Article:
N2 - Although the nephrotoxic side effects of cyclosporine are well known, the impact of long-term CsA on renal transplant function is uncertain. We studied 5-10-year renal function in 347 CsA-treated patients, and in 64 randomly selected non-CsA-treated patients who had a minimum of 55 months of graft function. Non-CsA patients had a lower creatinine (Cr) level at one year than CsA patients (f=.001), with no change in renal function over time (P=.6). In CsA-treated patients there was also no suggestion of progressive renal damage, as evidenced by no change in Cr or 1/Cr. Simple linear regression models of 1/Cr vs. time for the first 10 years posttrans-plant were fit to the data for each patient. Analysis of the Y-intercept estimates from these regressions showed that age (P=.001), sex (P=.001), cyclosporine toxicity (P=.024), and initial cyclosporine dosage (P=.016) significantly affected the one-year serum Cr. Variables not affecting one-year Cr included donor source, early rejection episodes, late rejection ep sodes, ATN, diabetes, transplant number, HLA ABDR mismatch (for cadaver transplants), maximum PR A, and PRA at transplant. Analysis of the slope estimates from the regressions revealed that only age (P=.001) and late rejection episodes (P=.001) significantly affected the rate of change in 1/Cr over time. We conclude that, in long-term renal transplant patients, there is no evidence of progressive deterioration in renal function due to CsA nephrotoxicity.

AB - Although the nephrotoxic side effects of cyclosporine are well known, the impact of long-term CsA on renal transplant function is uncertain. We studied 5-10-year renal function in 347 CsA-treated patients, and in 64 randomly selected non-CsA-treated patients who had a minimum of 55 months of graft function. Non-CsA patients had a lower creatinine (Cr) level at one year than CsA patients (f=.001), with no change in renal function over time (P=.6). In CsA-treated patients there was also no suggestion of progressive renal damage, as evidenced by no change in Cr or 1/Cr. Simple linear regression models of 1/Cr vs. time for the first 10 years posttrans-plant were fit to the data for each patient. Analysis of the Y-intercept estimates from these regressions showed that age (P=.001), sex (P=.001), cyclosporine toxicity (P=.024), and initial cyclosporine dosage (P=.016) significantly affected the one-year serum Cr. Variables not affecting one-year Cr included donor source, early rejection episodes, late rejection ep sodes, ATN, diabetes, transplant number, HLA ABDR mismatch (for cadaver transplants), maximum PR A, and PRA at transplant. Analysis of the slope estimates from the regressions revealed that only age (P=.001) and late rejection episodes (P=.001) significantly affected the rate of change in 1/Cr over time. We conclude that, in long-term renal transplant patients, there is no evidence of progressive deterioration in renal function due to CsA nephrotoxicity.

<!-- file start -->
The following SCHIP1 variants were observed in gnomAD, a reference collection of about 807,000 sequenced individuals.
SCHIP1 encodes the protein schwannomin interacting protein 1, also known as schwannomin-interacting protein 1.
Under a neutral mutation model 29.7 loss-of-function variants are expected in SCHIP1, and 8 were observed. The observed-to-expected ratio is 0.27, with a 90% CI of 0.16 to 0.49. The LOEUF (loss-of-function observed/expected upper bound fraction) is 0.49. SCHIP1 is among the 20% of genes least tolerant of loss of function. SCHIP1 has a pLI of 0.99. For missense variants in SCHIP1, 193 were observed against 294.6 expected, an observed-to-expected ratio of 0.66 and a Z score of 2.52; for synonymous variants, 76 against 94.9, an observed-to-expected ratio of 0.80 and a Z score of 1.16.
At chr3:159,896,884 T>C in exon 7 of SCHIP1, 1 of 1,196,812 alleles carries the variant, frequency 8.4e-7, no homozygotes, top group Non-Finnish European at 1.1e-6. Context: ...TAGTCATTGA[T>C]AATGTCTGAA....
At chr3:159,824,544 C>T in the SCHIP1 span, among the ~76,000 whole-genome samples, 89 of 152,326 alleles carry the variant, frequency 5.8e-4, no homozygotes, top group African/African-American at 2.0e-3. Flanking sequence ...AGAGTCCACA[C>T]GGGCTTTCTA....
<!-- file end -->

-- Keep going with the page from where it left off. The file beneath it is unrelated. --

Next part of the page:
UR - http://www.scopus.com/inward/record.url?scp=0026507256&partnerID=8YFLogxK

UR - http://www.scopus.com/inward/citedby.url?scp=0026507256&partnerID=8YFLogxK

M3 - Article

C2 - 1738925

AN - SCOPUS:0026507256

VL - 53

SP - 316

EP - 323

JO - Transplantation

JF - Transplantation

SN - 0041-1337

IS - 2

ER -